Breaking News (Chandler Landon, 2009): USA

Reviewed by Paula Gomez. Viewed at the Santa Barbara International Film Festival, 2010.

The breaking news is that this low budget film is worth watching. The director Chandler Landon, cleverly put together this film with a limited budged of $400 and an outrageously minimal raw footage of 7 hours. He spoke to the audience after the viewing of Breaking News at the Santa Barbara international film festival and revealed these surprising details of his film. His movie tells the story of a goal-oriented character who wants to become a powerful and respected man by his peers.

Jerry Blackwell is a newscaster who is struggling with his career and personal life. He consumes alcohol most of the time and curses often. He is not well respected at his work, his significant lover does not answer his phone calls and his landlord is upset that he cannot pay his rent on time. Jerry decides to turn his situation around by making breaking news that he can capture himself and report back to his news station. He proceeds by pressuring an unstable homeless man to attempt a robbery at a liquor store. The homeless man, weaponless and clueless, enters the liquor store pretending to hold a gun and gets shot by the clerk. Jerry being near by, calls his cameraman and films the breaking news. This event makes him popular at his job and he starts to enjoy the life of prestige and recognition he had so desired before. A series of other events keep taking place that will test his ethics over ambition and greed as the movie proceeds.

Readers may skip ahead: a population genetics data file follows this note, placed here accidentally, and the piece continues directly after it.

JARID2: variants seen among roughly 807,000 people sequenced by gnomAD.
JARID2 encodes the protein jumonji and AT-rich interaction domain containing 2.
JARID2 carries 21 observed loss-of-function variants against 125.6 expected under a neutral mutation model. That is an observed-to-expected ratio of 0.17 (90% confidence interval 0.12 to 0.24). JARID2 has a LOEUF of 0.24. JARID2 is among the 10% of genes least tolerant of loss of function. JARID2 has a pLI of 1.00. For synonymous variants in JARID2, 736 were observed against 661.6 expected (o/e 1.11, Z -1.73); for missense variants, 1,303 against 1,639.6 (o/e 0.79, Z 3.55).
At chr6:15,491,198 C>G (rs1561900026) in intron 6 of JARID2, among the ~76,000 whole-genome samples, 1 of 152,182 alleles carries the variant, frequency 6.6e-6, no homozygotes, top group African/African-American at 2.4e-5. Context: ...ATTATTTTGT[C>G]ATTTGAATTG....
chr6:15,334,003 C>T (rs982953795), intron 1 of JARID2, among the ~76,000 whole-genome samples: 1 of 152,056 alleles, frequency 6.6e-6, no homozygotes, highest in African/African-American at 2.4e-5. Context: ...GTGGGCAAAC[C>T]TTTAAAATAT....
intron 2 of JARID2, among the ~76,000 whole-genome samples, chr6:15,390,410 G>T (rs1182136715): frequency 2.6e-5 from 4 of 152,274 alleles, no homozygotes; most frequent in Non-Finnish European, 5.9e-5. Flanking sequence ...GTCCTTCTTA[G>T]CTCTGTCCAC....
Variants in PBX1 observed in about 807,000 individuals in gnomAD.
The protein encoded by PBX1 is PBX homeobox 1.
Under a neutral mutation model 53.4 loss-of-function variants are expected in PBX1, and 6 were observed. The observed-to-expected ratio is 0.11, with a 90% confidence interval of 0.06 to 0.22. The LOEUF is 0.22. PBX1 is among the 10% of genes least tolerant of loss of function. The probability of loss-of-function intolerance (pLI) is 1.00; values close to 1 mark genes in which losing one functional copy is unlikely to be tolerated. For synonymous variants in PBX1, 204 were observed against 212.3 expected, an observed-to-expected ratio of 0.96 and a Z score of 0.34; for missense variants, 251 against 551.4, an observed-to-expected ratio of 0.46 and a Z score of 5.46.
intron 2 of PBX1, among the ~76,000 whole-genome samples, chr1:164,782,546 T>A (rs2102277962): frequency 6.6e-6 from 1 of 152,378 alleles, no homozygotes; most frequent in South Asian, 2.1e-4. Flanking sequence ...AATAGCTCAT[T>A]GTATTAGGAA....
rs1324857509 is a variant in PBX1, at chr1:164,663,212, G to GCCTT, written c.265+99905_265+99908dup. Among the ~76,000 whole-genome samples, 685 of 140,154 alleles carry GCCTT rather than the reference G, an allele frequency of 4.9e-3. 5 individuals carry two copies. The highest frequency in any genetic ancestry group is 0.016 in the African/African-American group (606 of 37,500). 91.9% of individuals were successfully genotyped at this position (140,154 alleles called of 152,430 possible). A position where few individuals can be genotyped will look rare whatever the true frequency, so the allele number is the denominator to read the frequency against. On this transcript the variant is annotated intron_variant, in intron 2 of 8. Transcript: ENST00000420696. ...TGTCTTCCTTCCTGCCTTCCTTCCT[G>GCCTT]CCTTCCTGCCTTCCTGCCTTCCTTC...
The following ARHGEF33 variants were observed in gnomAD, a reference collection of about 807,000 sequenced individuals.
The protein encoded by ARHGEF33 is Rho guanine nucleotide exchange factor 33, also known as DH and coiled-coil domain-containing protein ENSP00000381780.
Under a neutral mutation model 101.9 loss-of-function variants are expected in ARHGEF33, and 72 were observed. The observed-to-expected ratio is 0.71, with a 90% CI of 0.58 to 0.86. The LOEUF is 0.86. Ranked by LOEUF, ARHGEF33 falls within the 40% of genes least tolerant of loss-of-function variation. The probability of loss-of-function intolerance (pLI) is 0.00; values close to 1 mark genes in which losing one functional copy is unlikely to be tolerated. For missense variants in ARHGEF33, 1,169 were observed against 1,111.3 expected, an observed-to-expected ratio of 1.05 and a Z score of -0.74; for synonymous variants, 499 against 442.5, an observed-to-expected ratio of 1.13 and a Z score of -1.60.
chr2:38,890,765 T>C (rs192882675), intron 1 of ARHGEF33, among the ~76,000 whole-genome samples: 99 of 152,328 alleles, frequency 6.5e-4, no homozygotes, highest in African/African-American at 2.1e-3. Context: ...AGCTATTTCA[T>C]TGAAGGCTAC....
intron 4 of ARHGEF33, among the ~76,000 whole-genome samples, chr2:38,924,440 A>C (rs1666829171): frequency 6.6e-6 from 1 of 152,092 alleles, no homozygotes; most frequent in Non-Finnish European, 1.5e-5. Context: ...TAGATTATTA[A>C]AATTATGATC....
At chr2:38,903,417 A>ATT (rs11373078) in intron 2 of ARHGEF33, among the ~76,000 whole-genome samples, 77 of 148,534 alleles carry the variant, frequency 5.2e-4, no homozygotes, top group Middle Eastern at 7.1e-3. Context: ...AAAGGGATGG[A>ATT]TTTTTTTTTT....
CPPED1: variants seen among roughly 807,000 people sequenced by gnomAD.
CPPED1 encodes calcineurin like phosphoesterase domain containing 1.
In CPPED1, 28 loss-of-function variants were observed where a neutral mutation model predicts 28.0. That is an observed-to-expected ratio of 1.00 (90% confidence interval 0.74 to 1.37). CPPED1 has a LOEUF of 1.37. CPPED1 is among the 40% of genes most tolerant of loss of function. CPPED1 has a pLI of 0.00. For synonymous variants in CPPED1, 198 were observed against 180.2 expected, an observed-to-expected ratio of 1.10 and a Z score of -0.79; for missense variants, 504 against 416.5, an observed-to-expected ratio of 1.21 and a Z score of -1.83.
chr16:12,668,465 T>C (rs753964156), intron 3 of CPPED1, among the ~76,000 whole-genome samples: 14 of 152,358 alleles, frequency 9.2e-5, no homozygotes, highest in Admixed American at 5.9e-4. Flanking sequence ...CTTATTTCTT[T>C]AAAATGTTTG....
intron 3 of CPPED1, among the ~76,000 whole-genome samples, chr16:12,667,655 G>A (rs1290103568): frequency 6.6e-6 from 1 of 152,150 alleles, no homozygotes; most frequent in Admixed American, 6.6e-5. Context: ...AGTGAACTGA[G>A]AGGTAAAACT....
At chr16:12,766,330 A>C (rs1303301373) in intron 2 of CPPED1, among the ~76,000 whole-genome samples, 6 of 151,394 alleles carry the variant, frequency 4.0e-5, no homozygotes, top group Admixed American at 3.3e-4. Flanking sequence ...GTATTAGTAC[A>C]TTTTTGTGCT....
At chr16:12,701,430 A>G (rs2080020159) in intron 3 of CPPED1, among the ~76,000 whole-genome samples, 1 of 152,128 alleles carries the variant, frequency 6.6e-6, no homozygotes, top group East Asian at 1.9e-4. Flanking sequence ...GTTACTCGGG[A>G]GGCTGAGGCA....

The beginning of the film starts with obscured shots of the main character. Shots that make the audience want to know who the mystery man in the screen is. The viewer can only see his back and some of his features under extreme close-ups at first. This perhaps reinforces Jerry’s sneaky characteristic and establishes him as the man to watch out for.  The camera work implements lots of various angles and coverage that make viewing the movie very straightforward. The smooth editing also helps to immerse the audience into the world of Jerry without difficulty. Most if not all of the sequences flow very well. The majority of the shots lit outside where lit with natural lighting. A little bit of overexposure is seen on a few of them but that just gives the movie a documentary style that does not fully distract the audience from the world of the movie and the sequence of events that unravel before it.

It is refreshing to see a movie well done with such limited resources. All of the characters in the film were not professional actors but rather real newscasters from the Santa Barbara area. Chandler commented that he even let the actors ad-lib through the scenes and that turned out to be a great idea because the acting in this dialog-driven film was a very important component that was executed well enough. It is a living proof that one man can do a very good job of directing, writing, producing, and editing his own low budget film. Anyone who is starting out as a film maker will enjoy watching this film very much.


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